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A centimetre (the American spelling is centimeter, symbol cm) is a unit of length in the International System of Units (SI) measurement system. It is equal to one hundredth of a metre. Centi- is placed in front to say 'a hundredth'. The centimetre is the base unit of length in the old centimetre-gram-second (CGS) system of units.

The centimetre is usually used to measure things that are too big for millimetres but too small for metres. A centimetre is close to the length of a fingernail.

Similarities to other units of length[change | change source]

A carpenters' ruler with centimetre markings

1 centimetre is equal to:

  • 10 millimetres
  • 0.01 metre (1 metre is equal to 100 centimetres)
  • about 0.393700787401575 inch (1 inch is equal to 2.54 centimetres) [1]

1 cubic centimetre is equal to 1 millilitre, under the SI system of units.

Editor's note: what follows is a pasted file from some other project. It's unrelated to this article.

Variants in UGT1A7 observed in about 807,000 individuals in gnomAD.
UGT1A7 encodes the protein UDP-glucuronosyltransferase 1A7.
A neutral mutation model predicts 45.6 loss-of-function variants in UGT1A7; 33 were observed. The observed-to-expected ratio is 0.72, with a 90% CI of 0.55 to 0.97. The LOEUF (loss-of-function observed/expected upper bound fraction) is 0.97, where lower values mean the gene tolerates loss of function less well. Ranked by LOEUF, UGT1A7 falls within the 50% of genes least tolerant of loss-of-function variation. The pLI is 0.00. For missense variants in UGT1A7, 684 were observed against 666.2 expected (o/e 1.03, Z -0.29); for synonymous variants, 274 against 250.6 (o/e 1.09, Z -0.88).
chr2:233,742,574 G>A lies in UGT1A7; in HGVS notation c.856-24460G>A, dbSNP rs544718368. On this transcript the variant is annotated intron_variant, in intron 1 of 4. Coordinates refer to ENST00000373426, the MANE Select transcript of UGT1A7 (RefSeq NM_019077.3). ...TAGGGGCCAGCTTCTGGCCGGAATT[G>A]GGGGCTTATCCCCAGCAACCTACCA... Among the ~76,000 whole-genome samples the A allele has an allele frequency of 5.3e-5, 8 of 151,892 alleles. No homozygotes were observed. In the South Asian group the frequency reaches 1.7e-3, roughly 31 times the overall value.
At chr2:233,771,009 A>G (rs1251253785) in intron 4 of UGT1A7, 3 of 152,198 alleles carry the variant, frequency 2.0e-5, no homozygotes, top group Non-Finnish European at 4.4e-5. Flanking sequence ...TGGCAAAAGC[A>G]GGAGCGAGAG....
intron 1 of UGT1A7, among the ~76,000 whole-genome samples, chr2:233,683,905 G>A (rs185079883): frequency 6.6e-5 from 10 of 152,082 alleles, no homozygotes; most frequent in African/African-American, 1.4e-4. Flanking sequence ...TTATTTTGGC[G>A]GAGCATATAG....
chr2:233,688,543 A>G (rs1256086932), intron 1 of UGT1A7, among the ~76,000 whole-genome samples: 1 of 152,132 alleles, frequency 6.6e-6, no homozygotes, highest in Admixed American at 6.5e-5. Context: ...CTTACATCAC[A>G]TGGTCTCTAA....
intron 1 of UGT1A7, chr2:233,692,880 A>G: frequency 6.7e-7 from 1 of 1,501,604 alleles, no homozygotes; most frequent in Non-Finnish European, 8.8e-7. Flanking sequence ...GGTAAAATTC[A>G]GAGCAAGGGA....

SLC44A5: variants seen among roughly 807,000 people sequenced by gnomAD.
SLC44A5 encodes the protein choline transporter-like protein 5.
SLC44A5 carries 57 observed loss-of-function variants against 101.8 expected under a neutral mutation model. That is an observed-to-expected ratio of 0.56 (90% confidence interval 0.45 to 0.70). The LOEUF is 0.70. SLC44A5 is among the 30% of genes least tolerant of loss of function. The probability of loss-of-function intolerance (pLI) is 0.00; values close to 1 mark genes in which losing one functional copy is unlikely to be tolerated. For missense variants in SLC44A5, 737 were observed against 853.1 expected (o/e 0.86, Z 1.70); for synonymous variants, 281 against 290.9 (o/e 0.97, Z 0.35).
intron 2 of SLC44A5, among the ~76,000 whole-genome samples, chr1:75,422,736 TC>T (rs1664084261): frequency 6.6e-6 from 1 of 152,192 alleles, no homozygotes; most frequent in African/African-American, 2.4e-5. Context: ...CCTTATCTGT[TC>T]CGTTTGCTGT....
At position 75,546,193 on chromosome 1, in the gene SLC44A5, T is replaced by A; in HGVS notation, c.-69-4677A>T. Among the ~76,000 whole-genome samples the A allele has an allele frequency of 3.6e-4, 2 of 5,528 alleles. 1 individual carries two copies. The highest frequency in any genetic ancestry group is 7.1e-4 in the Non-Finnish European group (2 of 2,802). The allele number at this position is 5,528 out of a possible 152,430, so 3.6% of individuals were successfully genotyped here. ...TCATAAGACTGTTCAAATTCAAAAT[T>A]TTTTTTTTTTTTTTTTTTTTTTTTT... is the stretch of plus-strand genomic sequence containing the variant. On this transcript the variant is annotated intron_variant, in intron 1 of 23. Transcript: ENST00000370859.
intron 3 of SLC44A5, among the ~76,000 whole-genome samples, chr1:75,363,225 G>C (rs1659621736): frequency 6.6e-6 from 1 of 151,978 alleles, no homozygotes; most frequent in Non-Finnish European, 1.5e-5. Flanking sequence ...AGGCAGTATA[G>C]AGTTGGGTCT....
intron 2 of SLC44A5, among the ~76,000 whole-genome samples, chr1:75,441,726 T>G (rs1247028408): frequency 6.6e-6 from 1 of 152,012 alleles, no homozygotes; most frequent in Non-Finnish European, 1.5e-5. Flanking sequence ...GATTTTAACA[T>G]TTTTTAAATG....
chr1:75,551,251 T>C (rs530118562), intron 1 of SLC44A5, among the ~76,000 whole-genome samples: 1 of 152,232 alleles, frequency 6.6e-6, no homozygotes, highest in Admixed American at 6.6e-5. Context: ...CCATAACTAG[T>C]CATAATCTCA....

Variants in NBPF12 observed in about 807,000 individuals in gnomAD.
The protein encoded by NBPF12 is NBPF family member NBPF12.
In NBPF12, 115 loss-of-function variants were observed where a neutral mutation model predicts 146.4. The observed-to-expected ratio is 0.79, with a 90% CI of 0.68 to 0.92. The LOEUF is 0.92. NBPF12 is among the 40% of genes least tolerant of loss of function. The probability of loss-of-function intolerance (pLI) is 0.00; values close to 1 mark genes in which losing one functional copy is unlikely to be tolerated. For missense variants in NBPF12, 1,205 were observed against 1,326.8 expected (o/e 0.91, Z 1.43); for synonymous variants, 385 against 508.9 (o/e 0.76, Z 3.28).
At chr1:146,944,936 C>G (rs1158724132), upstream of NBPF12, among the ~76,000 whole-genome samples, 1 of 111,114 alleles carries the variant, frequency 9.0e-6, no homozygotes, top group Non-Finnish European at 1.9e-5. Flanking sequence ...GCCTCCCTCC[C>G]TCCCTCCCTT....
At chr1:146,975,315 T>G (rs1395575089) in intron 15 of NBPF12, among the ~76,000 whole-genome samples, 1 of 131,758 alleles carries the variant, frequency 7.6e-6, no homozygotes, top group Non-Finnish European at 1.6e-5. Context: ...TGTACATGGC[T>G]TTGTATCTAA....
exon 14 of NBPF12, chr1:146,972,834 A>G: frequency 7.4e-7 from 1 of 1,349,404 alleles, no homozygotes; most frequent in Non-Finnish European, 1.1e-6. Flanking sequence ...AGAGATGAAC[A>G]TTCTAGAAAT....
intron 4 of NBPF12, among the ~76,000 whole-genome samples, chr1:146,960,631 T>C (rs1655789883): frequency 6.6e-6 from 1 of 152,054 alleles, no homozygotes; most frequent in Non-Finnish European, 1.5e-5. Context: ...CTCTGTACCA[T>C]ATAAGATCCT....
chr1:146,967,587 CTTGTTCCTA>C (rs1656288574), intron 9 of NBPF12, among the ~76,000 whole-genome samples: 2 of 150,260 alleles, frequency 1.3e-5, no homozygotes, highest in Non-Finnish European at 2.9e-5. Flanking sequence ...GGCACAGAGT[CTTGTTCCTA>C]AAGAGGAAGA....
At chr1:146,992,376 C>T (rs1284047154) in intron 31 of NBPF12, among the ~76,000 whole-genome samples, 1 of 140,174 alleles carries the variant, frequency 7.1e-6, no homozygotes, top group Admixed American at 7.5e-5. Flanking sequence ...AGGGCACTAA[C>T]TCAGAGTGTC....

Uses of centimetre[change | change source]

The centimetre is also used:

  • sometimes, to measure how much rain has fallen into a rain gauge;[2]
  • for heights of people, especially athletes, in metric nations;
  • in maps, centimetres are used to change from map scale to real-world scale of landscapes (kilometres).

Unicode symbols[change | change source]

The centimetre has Unicode symbols so it can be written in Mandarin Chinese, Japanese and Korean characters. [3]

  • centimetre (㎝) - code 339D
  • square centimetre (㎠) - code 33A0
  • cubic centimetre (㎤) - code 33A4

They are placed into one character, and it is mostly used with East Asian fonts.

References[change | change source]

  1. Inch - from Eric Weisstein's World of Physics
  2. "Rain Measurement, Rain Gauge, Wireless Rain Gauge, Rain Gage, Rain Gauge Data". Weathershack.com.
  3. [1] CJK Compatibility excerpt from The Unicode Standard, Version 4.1.